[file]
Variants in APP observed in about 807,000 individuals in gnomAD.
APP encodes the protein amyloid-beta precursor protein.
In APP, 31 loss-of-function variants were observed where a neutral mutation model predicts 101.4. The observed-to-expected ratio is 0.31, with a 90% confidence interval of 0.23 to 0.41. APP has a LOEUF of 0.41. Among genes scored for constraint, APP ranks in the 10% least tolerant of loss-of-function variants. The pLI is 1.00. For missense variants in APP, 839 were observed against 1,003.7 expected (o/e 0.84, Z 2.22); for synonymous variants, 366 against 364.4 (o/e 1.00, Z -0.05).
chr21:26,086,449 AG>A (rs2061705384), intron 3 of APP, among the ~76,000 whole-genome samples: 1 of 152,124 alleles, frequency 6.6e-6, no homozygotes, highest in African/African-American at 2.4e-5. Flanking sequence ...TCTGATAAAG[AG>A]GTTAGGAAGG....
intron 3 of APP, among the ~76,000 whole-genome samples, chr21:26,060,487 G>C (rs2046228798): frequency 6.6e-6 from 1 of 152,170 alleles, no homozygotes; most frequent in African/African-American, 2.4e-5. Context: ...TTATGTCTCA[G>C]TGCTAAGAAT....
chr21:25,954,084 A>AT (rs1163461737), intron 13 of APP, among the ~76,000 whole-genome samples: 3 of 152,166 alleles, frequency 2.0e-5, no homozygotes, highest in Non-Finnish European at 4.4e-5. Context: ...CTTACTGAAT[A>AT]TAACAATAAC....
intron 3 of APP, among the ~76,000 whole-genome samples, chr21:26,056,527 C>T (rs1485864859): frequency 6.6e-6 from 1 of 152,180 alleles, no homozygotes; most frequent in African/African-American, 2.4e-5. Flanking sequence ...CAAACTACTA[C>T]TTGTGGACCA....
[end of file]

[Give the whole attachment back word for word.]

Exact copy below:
Variants in APP observed in about 807,000 individuals in gnomAD.
APP encodes the protein amyloid-beta precursor protein.
In APP, 31 loss-of-function variants were observed where a neutral mutation model predicts 101.4. The observed-to-expected ratio is 0.31, with a 90% confidence interval of 0.23 to 0.41. APP has a LOEUF of 0.41. Among genes scored for constraint, APP ranks in the 10% least tolerant of loss-of-function variants. The pLI is 1.00. For missense variants in APP, 839 were observed against 1,003.7 expected (o/e 0.84, Z 2.22); for synonymous variants, 366 against 364.4 (o/e 1.00, Z -0.05).
chr21:26,086,449 AG>A (rs2061705384), intron 3 of APP, among the ~76,000 whole-genome samples: 1 of 152,124 alleles, frequency 6.6e-6, no homozygotes, highest in African/African-American at 2.4e-5. Flanking sequence ...TCTGATAAAG[AG>A]GTTAGGAAGG....
intron 3 of APP, among the ~76,000 whole-genome samples, chr21:26,060,487 G>C (rs2046228798): frequency 6.6e-6 from 1 of 152,170 alleles, no homozygotes; most frequent in African/African-American, 2.4e-5. Context: ...TTATGTCTCA[G>C]TGCTAAGAAT....
chr21:25,954,084 A>AT (rs1163461737), intron 13 of APP, among the ~76,000 whole-genome samples: 3 of 152,166 alleles, frequency 2.0e-5, no homozygotes, highest in Non-Finnish European at 4.4e-5. Context: ...CTTACTGAAT[A>AT]TAACAATAAC....
intron 3 of APP, among the ~76,000 whole-genome samples, chr21:26,056,527 C>T (rs1485864859): frequency 6.6e-6 from 1 of 152,180 alleles, no homozygotes; most frequent in African/African-American, 2.4e-5. Flanking sequence ...CAAACTACTA[C>T]TTGTGGACCA....